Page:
In FY 2020, the Budget Control Act (BCA) of 2011 spending limits return to their original level for both defense and non-defense at $576 billion and $543 billion, respectively. In its FY 2020 budget released in March, the Trump administration requested a total of $750 billion for national defense (050), designating the $174 billion above the cap as Overseas Contingency Operations (OCO) or emergency funding and thus exempt from the spending limits. While the administration’s budget request does not breach the BCA caps, Congress is not likely to consider it a viable option and will seek to negotiate a budget agreement which increases both the defense and non-defense spending caps. If both political parties and the White House fail to reach a deal by 15 days after the current Congressional session adjourns and appropriations for FY 2020 exceed the caps, sequestration—the automatic process of imposing across-the-board budget cuts—would be triggered for the first time since 2013. This brief estimates the fiscal impact of sequestration on funding for the Department of Defense (DoD) in FY 2020.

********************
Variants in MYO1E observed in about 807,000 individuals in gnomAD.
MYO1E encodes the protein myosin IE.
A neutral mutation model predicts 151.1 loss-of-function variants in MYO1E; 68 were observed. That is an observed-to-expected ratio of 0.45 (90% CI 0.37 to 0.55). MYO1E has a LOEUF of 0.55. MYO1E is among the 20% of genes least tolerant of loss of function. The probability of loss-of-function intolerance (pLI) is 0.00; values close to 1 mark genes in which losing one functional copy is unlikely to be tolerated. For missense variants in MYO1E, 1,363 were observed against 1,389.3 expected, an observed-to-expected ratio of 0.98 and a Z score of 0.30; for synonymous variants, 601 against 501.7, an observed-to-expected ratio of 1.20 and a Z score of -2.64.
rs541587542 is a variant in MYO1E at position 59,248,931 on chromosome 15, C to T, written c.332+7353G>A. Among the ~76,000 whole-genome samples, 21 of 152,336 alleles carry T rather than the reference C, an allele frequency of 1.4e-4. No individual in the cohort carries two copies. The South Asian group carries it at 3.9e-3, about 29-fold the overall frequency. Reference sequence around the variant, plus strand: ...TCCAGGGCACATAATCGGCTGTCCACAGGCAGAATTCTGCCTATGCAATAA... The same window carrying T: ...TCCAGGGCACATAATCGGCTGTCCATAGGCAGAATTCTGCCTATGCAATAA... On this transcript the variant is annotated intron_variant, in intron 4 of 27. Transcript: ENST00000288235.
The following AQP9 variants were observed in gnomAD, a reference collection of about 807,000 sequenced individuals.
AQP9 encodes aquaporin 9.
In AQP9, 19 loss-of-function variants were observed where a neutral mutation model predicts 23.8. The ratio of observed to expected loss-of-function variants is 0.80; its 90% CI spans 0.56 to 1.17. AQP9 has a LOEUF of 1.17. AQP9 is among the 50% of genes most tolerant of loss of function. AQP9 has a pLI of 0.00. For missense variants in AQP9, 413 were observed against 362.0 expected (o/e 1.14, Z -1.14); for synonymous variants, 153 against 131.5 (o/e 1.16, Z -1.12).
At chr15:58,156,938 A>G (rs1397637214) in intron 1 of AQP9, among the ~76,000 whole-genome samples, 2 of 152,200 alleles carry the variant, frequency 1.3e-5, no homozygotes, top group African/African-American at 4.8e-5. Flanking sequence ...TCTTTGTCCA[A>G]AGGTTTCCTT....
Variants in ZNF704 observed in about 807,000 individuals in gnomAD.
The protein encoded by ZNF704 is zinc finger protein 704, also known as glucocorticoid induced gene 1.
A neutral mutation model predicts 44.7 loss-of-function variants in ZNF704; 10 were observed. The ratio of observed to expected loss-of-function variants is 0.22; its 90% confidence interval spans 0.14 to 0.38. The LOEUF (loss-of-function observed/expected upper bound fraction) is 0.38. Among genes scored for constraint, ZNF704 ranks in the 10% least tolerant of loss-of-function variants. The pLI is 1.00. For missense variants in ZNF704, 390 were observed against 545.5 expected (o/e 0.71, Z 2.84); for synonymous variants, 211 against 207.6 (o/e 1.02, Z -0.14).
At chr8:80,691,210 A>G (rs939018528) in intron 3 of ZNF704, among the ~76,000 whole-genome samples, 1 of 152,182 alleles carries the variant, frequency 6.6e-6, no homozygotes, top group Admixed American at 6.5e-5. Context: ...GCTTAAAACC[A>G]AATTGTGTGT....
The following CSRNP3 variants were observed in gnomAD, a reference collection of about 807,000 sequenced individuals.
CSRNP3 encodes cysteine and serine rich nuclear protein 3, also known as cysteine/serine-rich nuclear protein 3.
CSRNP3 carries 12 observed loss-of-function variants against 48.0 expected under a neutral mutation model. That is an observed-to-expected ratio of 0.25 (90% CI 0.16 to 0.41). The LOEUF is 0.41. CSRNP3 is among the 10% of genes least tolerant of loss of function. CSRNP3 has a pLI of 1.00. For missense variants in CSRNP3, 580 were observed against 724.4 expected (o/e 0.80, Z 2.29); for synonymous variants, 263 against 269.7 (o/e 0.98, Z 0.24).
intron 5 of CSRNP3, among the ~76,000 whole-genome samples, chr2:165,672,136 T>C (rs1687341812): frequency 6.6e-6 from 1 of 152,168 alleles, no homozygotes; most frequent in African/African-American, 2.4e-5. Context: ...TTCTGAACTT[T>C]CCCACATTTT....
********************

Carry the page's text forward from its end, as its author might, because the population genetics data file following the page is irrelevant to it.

CSIS Briefs are produced by the Center for Strategic and International Studies (CSIS), a private, tax-exempt institution focusing on international public policy issues. Its research is nonpartisan and nonproprietary. CSIS does not take specific policy positions. Accordingly, all views, positions, and conclusions expressed in this publication should be understood to be solely those of the author(s). © 2019 by the Center for Strategic and International Studies. All rights reserved.
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